Therapy doesn't always have to mean talking to a psychologist face-to-face — research has shown that many people are still reluctant to seek medical attention for depression, as well as that health services are so overloaded in some places that face-to-face therapy comes with unacceptably long waiting lists. The solution? Internet-based cognitive behavioral therapy.
Some of these programs still require a doctor to set you up with them, but in other cases — like with an intervention called MoodGym, from Australia — you can just start by yourself. Do these internet-based therapy sessions work? Research has deemed them better than staying on a waiting list, and has also shown that they can be a very helpful supplement to other forms of depression treatment even in people who are severely depressed.
Depression can quickly take total control of your life, robbing you of your ability to be productive or to do things that can improve your mood. Setting small goals for yourself and keeping busy are bits of advice often given to depressed people, but to accomplish them, you need a routine. This may include:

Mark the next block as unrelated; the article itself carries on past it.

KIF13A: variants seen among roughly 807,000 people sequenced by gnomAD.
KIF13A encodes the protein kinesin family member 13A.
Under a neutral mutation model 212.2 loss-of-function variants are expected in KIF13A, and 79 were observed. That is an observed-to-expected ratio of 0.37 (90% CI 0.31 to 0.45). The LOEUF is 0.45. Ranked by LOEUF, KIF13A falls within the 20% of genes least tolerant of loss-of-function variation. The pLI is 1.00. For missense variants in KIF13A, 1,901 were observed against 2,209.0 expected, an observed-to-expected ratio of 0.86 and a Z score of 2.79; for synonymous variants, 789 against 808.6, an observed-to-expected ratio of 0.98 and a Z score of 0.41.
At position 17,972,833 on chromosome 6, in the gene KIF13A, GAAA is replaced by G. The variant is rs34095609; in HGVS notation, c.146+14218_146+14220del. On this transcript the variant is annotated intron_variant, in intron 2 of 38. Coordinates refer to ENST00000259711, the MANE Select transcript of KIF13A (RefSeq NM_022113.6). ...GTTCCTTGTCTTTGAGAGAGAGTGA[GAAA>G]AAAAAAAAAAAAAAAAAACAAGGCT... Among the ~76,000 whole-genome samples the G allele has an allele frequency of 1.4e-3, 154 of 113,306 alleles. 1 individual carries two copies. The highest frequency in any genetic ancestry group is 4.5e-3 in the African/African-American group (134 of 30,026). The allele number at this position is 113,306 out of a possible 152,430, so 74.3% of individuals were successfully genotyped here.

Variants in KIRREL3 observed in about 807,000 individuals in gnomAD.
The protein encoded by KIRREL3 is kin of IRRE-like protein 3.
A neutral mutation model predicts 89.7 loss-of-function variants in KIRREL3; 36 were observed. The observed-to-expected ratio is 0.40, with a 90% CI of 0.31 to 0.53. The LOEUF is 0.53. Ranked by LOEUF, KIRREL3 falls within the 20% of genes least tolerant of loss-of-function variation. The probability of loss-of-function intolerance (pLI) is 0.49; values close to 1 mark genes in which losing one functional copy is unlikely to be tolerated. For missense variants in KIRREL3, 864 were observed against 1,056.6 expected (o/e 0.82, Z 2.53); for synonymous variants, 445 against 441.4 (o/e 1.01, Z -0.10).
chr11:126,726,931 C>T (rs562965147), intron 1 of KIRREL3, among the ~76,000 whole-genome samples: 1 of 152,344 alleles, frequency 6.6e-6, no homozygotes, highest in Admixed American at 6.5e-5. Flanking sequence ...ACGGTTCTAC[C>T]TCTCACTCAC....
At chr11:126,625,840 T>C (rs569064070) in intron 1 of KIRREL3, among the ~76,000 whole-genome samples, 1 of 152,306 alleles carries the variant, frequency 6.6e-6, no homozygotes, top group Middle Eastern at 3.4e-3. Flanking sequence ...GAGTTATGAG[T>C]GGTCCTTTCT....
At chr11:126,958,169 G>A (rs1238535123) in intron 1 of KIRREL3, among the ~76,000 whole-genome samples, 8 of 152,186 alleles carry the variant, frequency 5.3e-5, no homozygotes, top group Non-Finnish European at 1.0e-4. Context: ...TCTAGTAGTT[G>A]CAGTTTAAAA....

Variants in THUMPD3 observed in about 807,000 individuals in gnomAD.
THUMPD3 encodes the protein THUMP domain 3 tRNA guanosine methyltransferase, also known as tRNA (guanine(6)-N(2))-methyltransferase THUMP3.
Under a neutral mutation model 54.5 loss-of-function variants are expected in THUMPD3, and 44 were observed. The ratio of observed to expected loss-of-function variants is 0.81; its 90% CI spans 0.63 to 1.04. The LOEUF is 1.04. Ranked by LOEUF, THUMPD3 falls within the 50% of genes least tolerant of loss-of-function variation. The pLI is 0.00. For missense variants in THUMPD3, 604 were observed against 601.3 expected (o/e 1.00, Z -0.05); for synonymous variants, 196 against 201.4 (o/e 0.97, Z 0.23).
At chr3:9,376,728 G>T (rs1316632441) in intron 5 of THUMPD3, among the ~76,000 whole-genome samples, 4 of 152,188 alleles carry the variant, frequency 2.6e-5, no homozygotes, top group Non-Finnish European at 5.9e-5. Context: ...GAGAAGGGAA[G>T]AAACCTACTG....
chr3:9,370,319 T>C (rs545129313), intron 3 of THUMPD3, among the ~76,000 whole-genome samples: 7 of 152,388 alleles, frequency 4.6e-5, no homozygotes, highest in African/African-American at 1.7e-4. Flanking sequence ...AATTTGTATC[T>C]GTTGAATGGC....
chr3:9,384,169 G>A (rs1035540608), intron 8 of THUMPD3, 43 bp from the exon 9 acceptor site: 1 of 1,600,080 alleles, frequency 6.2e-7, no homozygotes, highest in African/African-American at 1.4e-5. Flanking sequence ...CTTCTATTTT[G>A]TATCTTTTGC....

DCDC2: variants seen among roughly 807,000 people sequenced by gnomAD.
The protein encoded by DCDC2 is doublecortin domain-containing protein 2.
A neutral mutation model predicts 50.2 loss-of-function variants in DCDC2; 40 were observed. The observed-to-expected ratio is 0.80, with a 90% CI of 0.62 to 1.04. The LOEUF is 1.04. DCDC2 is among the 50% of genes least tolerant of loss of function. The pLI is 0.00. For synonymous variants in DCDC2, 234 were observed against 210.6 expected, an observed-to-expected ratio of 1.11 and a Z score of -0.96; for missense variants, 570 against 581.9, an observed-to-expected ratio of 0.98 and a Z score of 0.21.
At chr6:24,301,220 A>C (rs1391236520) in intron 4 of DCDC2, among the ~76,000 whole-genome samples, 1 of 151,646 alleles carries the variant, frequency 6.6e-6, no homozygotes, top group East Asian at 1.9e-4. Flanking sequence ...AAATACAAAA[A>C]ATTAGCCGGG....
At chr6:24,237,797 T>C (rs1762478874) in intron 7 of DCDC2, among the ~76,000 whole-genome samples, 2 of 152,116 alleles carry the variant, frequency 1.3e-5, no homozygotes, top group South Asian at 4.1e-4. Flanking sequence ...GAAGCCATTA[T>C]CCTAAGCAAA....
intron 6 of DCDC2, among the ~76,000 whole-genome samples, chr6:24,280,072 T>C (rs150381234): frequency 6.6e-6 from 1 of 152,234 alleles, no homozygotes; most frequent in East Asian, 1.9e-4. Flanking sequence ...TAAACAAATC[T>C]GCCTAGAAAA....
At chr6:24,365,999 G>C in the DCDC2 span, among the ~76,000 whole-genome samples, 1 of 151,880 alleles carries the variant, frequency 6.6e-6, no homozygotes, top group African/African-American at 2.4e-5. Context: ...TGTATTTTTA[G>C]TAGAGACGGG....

- Getting up and going to bed at the same time each day, something that will also improve your sleep quality.
- Committing to regular exercise.
- Making sure you regularly interact with loved ones, by, for instance, agreeing to dinners, hikes, or concerts.
- Eating at the same times each day — this will help ensure that you don't overeat or forget to eat, both of which are possible in depressed people.
- Deciding what to do if you're alone at home — loneliness can increase if you've got nothing to do. Maybe you can work on reading a book with a book club (perhaps online), take an internet-based course, or even KonMari your home.
The nutrients you take in have a profound impact on your mental health, and research has shown that sticking to a Mediterranean diet, which is rich in vegetables, whole grains, fruits and olive oil, has the potential to improve your mood. A diet that mostly consists of processed junk foods can, meanwhile, have the opposite effect. Stay away from added sugars, trans fats, and simple carbs, and choose whole foods. It may not be enough to end your depression, but a healthy diet will contribute to your recovery.